More than 10 years ago – time goes so fast – I heard about Peter Drucker talking about focussing on our and other people strengths instead of weaknesses – nowadays called “areas to improve”. One of his quote, among many, says:
“It takes far less energy to move from first-rate performance to excellence than it does to move from incompetence to mediocrity.” Business guru Peter Drucker (1909-2005)
At that time, I thought: “Wow, I like that!” I felt so relieved to be allowed to forget about all these areas I was not good at. Instead, I should focus on developing my strengths. It gave me a sense of peace – I was ok as I was. I could continue to work hard but on things which were easy and fun for me. At that time, I was running my own business. I was lucky I could create a team who could compensate where I was not good at, while I would run at full speed where I could make a real difference.
Then I moved back as an employee in a corporate environment. Without noticing it, I slowly started again to worry about my “areas to improve” – I did not feel so secure any more. Moreover, I realised that people around me were doing the same. Everybody knows about performance evaluation forms used on average once a year. Most of them cover a full range of competencies.
Think about it for a moment. How are you reacting when your manager rates you with a few “achieved over expectations”, some “achieved as expected” and a few “achieved, but under expectations”? On which ones should you focus your efforts? Do you ask your manager how you can do even better where you over-achieve or do you argue on the “as expected” and “under expectations”? What are YOU expecting? Being an over-achiever on all criteria? Is that realistic? Does it make sense?
Most of us have this tendency to try to have a balanced evaluation. But, would that make anything good for us and/or the company we are working for? Read again the quote at the beginning. What is more efficient?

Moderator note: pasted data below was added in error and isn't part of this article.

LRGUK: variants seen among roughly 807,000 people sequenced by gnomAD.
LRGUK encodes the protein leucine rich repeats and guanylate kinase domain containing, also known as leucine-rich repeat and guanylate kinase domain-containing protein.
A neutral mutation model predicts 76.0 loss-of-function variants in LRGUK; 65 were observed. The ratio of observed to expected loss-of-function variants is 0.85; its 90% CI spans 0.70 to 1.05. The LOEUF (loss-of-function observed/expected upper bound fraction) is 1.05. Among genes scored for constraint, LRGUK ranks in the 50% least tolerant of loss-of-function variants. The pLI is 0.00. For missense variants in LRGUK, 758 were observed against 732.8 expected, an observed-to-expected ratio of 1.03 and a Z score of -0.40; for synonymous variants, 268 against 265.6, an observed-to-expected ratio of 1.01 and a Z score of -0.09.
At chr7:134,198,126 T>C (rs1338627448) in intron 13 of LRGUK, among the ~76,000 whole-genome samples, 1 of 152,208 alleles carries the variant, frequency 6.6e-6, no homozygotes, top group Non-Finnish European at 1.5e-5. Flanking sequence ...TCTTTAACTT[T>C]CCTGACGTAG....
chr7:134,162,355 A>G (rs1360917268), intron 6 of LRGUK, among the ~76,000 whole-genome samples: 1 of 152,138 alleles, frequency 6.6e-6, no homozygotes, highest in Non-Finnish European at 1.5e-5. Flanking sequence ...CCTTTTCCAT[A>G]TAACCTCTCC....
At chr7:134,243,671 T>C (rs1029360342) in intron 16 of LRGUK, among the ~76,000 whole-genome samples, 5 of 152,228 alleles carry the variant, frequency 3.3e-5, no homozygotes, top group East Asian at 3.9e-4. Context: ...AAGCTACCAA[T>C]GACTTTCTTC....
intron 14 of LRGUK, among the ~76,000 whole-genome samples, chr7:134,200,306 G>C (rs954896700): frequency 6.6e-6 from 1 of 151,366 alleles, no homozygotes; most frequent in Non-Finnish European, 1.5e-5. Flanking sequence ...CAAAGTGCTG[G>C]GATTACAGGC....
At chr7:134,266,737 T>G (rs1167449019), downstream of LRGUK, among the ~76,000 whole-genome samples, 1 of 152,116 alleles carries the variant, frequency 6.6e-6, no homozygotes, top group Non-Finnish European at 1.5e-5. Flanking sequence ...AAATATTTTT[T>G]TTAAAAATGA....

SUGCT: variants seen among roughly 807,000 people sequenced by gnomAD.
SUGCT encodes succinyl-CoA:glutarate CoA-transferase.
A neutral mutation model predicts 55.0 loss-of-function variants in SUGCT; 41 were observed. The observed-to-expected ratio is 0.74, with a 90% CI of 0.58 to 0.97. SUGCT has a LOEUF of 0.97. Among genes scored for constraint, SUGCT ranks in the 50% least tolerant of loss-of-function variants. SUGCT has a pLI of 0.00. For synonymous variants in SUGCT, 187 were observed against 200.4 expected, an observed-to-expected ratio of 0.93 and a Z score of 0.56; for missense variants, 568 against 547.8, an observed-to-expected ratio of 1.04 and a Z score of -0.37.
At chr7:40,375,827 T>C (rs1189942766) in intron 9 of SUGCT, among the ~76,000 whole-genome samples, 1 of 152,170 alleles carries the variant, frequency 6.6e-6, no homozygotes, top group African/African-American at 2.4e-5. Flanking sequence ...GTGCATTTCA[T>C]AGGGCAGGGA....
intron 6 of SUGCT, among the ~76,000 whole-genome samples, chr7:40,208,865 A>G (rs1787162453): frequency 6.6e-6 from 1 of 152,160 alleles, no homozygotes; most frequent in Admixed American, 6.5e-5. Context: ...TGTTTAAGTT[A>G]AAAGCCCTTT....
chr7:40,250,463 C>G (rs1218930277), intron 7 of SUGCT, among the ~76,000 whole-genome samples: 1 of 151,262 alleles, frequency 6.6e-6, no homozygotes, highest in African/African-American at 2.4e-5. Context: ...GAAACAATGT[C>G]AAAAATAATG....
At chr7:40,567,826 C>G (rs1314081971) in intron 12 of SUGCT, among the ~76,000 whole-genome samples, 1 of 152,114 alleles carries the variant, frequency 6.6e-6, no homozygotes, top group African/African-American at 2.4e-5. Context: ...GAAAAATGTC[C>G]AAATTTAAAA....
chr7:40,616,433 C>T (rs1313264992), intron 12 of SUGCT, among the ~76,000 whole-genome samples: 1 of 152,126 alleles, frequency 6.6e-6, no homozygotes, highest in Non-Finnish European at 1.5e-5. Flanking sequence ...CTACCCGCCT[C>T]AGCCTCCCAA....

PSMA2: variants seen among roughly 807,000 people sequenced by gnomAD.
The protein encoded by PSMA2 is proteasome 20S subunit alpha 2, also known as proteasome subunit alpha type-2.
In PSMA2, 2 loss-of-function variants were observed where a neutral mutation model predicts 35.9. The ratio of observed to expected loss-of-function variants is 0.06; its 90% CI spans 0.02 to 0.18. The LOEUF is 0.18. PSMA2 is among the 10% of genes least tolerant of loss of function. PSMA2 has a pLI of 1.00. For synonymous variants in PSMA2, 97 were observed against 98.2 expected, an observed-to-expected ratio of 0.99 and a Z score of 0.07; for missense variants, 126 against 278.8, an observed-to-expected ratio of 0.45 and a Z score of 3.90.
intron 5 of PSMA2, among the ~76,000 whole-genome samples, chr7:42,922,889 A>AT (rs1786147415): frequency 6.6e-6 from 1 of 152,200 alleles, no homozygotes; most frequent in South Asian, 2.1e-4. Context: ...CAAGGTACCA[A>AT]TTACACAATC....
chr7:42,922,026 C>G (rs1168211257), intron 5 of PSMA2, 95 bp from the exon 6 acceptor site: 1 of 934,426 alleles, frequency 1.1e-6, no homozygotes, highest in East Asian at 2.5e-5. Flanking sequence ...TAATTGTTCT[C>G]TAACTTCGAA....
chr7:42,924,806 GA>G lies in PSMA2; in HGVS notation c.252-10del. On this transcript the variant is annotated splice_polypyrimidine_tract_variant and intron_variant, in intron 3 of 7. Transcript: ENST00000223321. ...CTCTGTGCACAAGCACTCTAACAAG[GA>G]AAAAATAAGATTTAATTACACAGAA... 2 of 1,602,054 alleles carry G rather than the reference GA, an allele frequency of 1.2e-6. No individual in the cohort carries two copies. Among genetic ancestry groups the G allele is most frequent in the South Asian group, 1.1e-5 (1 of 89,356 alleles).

Now I am back on my own – it is even more important that I work on my strengths to be successful – no one can build a successful business relying on average strengths. As a coach, I wish to spread this concept – I wish I can help my coachees to recognise and develop their strengths – I’d love see them reaching success in their “area of competence”. As a coach for project managers, I wish my coachees can recognise the strengths of their team members and I wish they know which type of projects will allow them to show their full potential.
Have you ever noticed that sometimes, when you something interests you, you find a lot about it even without looking? This happened to me with this “focus on strengths” concept:
- I met a woman in a leadership training and we happen to talk about the concept – I remembered about Peter Drucker
- I took a class as part of my coaching training where I heard about a book called “Strengths finder 2.0”
- I went to a PMI conference in Basel “Wanted: leaders” where the presenter most important point was “From hard work to heart work”, where he explains that a leader is anyone who know who he is and where he wants to go.
I will come back to leadership in an upcoming post – especially leadership skills for project managers. But, the starting point is: “do you know what are your strengths? Think about what you do easily and naturally, things you see other struggling with without understanding why they have so much problems. Think about what you do with pleasure, what puts a smile on your face, what gives you a lot of energy. There is a good chance that these activities are linked to your strengths.
What are the benefits of knowing and using our strengths? Enjoying what we do, feeling we are at the right place, being complete both at work and at home, getting satisfaction from our work, higher self-confidence – the list is long.
I will conclude with a last quote:
“Know your strengths. Apply them to areas in your organisation where you can make a contribution. Make sure your values and the values of the organisation are compatible.” Business guru Peter Drucker (1909-2005)